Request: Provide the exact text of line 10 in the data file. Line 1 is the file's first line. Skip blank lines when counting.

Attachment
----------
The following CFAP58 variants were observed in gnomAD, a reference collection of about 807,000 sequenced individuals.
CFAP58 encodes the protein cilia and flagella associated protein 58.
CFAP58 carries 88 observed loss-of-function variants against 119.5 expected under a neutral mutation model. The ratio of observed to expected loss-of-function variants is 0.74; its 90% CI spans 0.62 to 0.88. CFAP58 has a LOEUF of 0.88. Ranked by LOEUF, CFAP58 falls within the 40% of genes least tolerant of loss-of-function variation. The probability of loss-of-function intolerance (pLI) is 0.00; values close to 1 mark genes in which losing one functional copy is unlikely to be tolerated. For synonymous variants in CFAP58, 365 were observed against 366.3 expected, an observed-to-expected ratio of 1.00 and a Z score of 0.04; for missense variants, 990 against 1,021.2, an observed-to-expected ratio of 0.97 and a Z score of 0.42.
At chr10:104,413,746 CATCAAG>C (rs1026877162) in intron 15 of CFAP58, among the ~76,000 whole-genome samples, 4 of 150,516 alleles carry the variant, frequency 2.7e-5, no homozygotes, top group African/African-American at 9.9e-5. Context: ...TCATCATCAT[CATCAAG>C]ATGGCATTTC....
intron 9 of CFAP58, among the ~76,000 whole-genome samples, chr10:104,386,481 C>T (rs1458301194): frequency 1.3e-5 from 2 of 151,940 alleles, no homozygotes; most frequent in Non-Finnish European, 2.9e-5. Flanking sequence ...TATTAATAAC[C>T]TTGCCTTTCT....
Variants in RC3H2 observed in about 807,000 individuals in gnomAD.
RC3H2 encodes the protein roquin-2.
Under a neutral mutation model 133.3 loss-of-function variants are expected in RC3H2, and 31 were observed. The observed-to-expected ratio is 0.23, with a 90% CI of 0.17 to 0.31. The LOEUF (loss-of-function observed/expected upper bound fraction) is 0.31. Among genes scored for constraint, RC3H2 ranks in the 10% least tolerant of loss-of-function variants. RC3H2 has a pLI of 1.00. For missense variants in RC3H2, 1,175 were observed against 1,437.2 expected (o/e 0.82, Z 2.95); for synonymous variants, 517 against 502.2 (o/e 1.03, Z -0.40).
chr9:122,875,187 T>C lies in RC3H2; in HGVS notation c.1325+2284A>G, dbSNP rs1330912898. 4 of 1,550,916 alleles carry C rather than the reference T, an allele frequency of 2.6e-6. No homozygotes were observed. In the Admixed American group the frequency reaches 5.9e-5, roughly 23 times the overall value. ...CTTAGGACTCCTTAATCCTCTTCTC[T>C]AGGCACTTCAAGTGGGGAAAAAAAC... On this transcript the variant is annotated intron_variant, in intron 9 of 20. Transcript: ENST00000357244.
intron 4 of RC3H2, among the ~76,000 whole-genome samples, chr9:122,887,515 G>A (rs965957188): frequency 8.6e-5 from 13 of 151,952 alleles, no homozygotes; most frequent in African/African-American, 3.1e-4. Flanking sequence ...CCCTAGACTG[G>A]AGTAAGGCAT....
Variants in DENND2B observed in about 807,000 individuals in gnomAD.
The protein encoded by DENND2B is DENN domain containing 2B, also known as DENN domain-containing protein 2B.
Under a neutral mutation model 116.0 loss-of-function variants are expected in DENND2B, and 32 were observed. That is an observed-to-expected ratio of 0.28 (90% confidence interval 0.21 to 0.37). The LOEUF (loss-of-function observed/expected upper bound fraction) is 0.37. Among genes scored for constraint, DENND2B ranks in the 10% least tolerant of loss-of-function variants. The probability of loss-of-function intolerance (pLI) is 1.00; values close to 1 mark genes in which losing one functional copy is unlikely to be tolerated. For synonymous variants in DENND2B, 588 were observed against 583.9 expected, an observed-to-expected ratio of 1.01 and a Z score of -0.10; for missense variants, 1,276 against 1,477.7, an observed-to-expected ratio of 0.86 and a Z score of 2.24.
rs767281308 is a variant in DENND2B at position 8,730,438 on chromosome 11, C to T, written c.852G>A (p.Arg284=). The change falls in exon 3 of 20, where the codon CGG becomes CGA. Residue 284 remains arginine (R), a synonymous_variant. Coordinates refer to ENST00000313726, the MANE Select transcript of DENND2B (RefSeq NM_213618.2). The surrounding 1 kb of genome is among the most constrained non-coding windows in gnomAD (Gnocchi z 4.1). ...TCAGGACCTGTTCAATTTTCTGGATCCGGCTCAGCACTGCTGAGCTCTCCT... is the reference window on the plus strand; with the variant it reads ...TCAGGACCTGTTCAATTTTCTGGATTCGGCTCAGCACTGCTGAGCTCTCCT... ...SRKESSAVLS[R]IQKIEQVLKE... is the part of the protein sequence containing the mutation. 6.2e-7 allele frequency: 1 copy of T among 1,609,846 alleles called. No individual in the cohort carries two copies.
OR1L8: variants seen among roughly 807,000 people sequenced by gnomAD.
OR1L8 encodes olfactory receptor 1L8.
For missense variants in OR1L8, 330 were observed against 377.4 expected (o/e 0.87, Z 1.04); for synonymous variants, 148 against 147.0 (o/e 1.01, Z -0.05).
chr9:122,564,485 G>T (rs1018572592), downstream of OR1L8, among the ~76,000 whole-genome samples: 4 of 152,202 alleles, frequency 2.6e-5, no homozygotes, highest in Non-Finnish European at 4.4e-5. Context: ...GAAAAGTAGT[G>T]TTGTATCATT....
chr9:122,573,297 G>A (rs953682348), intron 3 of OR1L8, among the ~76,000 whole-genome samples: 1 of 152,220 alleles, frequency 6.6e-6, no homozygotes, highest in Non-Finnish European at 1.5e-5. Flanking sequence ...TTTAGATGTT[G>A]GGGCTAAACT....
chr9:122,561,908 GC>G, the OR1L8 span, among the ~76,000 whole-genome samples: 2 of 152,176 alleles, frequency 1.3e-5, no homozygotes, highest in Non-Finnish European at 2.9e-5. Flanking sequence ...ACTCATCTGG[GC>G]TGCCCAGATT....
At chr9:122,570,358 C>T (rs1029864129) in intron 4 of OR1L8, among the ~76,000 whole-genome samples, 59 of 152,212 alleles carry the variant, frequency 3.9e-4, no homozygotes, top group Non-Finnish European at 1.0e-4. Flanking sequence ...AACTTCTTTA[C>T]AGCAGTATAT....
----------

intron 4 of RC3H2, among the ~76,000 whole-genome samples, chr9:122,887,515 G>A (rs965957188): frequency 8.6e-5 from 13 of 151,952 alleles, no homozygotes; most frequent in African/African-American, 3.1e-4. Flanking sequence ...CCCTAGACTG[G>A]AGTAAGGCAT....